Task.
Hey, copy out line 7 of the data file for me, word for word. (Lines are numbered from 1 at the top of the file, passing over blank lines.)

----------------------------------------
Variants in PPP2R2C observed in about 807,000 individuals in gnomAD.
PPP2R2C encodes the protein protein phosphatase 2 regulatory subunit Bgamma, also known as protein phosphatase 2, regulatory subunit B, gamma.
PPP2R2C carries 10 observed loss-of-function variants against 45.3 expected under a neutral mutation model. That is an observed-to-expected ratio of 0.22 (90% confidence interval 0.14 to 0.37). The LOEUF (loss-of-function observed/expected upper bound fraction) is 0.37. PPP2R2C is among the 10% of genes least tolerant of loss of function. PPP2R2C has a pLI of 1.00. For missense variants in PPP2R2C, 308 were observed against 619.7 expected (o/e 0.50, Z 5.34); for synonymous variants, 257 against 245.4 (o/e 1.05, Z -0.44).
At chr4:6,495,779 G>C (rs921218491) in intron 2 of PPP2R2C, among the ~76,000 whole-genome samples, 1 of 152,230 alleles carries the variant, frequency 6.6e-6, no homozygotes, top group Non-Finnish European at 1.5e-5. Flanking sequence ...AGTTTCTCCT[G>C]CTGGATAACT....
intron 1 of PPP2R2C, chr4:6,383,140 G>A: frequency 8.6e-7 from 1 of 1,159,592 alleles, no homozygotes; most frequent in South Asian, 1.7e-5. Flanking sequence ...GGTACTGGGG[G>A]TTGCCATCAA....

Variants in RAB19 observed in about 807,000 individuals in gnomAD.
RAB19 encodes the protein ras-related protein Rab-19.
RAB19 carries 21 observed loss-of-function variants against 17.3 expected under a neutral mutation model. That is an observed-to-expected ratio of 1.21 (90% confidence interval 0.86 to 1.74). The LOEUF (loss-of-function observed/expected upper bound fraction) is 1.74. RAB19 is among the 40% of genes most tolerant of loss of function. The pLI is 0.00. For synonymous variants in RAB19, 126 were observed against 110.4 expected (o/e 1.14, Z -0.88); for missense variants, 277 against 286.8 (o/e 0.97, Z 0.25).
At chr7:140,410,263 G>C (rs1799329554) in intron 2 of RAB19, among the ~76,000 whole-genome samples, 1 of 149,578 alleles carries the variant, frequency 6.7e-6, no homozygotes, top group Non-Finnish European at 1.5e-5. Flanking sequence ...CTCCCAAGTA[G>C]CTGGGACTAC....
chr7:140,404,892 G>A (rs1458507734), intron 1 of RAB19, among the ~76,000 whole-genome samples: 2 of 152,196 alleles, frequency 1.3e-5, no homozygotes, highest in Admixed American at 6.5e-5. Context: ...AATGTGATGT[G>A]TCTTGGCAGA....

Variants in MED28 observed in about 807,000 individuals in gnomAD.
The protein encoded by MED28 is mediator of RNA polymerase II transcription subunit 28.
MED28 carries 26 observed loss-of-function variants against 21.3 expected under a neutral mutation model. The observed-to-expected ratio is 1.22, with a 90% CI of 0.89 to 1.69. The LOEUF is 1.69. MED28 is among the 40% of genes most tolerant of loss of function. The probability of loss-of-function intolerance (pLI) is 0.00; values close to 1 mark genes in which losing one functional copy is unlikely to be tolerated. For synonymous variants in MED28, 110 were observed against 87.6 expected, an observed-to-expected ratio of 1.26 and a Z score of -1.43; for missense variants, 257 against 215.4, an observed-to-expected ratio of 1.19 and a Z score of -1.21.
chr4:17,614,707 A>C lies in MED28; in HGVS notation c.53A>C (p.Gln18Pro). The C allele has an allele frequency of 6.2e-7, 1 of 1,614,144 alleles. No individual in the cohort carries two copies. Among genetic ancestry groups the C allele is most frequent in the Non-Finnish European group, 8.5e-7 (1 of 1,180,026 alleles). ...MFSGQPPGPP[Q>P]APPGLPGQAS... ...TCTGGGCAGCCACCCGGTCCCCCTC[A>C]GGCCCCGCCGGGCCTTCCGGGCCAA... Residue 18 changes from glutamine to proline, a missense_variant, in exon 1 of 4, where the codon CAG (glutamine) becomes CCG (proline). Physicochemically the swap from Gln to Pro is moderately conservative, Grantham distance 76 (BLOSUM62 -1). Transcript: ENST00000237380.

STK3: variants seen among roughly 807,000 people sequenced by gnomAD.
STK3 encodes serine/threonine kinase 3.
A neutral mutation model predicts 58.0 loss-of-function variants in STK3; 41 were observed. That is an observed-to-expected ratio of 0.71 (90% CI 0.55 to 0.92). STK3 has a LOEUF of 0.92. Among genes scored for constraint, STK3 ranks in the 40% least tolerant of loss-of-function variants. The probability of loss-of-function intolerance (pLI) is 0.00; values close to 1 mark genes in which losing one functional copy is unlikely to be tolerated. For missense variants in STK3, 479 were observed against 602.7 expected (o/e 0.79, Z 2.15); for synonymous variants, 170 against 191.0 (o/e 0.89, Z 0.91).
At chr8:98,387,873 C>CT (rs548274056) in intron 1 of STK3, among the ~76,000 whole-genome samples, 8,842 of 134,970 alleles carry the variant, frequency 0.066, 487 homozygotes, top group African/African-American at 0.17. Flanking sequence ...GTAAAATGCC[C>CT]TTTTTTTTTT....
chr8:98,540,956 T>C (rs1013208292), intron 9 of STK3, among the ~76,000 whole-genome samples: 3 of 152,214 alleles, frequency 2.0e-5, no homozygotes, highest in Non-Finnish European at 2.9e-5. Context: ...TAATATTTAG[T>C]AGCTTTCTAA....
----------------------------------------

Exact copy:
RAB19 encodes the protein ras-related protein Rab-19.